Bobbie Ann Mason was born in Kentucky in 1940. As a girl, Mason was fascinated by the Bobbsey Twins and Nancy Drew, young characters who got to travel and have adventures. She loved growing up on a farm but saw that the women in her community did little besides give birth and work on the land or in schools, stores, or factories. She longed to explore the world and get an education. She attended the University of Kentucky, where she majored in journalism. After graduation, she moved to New York and worked at several magazines, writing articles about pop culture. She applied to the writing program at Stanford University but was rejected. Taking refuge in the study of literature, she earned an M.A. from the State University of New York at Binghamton and a Ph.D. in literature from the University of Connecticut. Her dissertation was eventually published under the title Nabokov’s Garden (1974). In 1975, she published The Girl Sleuth: A Feminist Guide to the Bobbsey Twins, Nancy Drew, and Their Sisters.
As a southerner living in the Northeast, Mason often felt shy and awkward. She had absorbed the idea that northerners were authoritative sophisticates who believed that southerners were inferior. On the rare occasions when she talked about her Kentucky background, her listeners often fit the stories into their own stereotypes of the South as a charmingly picturesque and backward place. She attempted to get rid of her southern accent and for years looked outside of the South for inspiration. Eventually, she figured out that her home was her true subject. In her fiction, she strives to depict middle-class and lower-middle-class people, whose lives she says “are just as important as the lives of those who read the New York Times and go to the opera.”
After composing short stories in college, Mason set the form aside for fifteen years. In the mid-seventies, she attended a writing workshop in the Adirondacks, where she studied with prominent writers, including Margaret Atwood. After submitting stories to the New Yorker, she heard back from Roger Angell, a celebrated writer and editor at the magazine. Angell mentored Mason, responding to each of her submissions with suggestions and encouragement. “Offerings,” Mason’s twentieth submission to the magazine, was accepted for publication.
Shiloh and Other Stories, Mason’s first collection, was published in 1982. It won the PEN/Hemingway award and was nominated for the National Book Critics Circle Award, American Book Award, and PEN/Faulkner Award. Mason’s 1985 novel In Country earned high praise from reviewers for its focus on generational concerns such as the Vietnam War. In 1989, the novel was made into a film starring Joan Allen and Bruce Willis. Mason’s memoir Clear Springs: A Family Story (2000) was a finalist for the Pulitzer Prize. Mason’s other works include the short-story collections Love Life (1989), Midnight Magic (1998), and Zigzagging Down a Wild Trail (2002); the novels Feather Crowns (1993), Spence + Lila (1998), and An Atomic Romance (2005); and the biography Elvis Presley (2002). She has also written nonfiction essays and articles.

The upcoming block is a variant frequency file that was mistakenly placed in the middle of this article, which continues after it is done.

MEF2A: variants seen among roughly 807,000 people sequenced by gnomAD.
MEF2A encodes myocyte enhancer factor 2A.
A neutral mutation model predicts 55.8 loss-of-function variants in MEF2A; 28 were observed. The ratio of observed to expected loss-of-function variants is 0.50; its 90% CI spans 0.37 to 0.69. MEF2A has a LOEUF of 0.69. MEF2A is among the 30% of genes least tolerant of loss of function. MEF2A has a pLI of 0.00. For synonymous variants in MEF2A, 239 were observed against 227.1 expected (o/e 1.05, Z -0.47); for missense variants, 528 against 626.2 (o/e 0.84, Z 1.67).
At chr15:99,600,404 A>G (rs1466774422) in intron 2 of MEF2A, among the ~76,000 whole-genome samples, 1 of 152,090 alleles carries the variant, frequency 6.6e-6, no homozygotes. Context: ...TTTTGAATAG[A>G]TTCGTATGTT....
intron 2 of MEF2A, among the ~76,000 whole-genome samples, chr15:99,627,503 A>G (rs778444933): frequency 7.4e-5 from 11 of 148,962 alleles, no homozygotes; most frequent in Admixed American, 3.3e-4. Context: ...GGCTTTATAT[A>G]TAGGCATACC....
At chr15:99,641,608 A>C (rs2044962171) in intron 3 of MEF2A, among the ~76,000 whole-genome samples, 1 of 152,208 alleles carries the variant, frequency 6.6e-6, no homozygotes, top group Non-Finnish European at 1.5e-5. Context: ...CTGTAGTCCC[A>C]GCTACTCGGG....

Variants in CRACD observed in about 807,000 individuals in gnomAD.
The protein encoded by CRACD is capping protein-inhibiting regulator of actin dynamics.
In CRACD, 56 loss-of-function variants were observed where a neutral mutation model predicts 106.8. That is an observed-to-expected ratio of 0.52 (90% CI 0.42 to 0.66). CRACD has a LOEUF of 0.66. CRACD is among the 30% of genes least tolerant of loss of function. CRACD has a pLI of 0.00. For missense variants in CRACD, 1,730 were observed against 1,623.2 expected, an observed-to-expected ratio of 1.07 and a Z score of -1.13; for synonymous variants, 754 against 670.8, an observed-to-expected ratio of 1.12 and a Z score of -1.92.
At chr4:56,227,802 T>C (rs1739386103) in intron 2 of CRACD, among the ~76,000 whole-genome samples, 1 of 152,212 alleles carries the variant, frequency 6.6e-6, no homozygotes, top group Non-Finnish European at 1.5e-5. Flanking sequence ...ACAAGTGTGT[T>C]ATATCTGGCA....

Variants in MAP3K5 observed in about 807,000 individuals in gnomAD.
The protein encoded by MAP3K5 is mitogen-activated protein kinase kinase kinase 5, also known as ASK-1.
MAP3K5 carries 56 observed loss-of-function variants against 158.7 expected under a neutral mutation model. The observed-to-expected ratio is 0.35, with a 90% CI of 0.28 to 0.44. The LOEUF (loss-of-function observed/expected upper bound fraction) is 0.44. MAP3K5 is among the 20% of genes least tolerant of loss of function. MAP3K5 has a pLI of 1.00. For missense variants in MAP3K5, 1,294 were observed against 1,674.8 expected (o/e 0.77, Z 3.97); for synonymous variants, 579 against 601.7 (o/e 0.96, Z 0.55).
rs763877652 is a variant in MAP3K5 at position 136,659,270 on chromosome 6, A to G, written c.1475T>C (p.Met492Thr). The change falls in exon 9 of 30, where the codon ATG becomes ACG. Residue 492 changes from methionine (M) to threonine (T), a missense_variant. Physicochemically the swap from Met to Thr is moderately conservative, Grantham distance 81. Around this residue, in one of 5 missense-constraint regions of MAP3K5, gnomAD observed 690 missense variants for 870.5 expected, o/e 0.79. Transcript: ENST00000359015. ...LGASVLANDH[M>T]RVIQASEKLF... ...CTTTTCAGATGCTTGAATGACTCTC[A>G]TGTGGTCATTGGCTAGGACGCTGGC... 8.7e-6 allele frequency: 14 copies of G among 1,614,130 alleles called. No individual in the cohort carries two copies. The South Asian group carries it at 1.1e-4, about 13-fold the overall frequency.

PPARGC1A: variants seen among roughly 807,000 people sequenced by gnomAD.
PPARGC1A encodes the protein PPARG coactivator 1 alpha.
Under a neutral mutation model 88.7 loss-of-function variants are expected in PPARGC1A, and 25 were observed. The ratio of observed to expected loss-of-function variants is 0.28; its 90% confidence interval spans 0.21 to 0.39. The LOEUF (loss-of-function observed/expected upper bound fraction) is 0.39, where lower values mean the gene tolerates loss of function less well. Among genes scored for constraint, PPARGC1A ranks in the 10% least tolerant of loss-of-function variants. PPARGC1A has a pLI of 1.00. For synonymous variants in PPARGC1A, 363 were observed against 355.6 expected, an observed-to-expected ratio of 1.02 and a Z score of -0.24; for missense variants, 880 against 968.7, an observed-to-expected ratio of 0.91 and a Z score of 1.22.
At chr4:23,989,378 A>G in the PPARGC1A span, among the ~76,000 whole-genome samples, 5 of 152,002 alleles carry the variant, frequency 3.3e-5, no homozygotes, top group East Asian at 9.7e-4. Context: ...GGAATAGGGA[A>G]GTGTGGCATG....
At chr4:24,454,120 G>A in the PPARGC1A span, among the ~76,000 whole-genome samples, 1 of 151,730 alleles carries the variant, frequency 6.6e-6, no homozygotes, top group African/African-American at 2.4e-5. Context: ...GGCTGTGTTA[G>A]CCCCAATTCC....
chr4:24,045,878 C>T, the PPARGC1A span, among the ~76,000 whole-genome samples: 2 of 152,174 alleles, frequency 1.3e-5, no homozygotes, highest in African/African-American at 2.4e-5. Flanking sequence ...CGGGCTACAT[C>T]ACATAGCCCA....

“Shiloh,” the title story from Mason’s first collection, is one of her most frequently anthologized works. Like much of her fiction, it explores the ennui and restlessness of southerners living in a changing society and examines a world in which traditional values and communities are being replaced by divorce, chain stores, and television. It is peopled by sympathetic characters dissatisfied with their lots in life and leavened by frequent touches of melancholy humor. Its publication in book form prompted a reviewer at the New York Times to marvel at Mason’s characters, whose lives, he said, seemed amazingly strange and foreign to northerners from big cities. It has been Mason’s project, beginning with “Shiloh,” to bring news of these supposedly mysterious southerners to the wider world.
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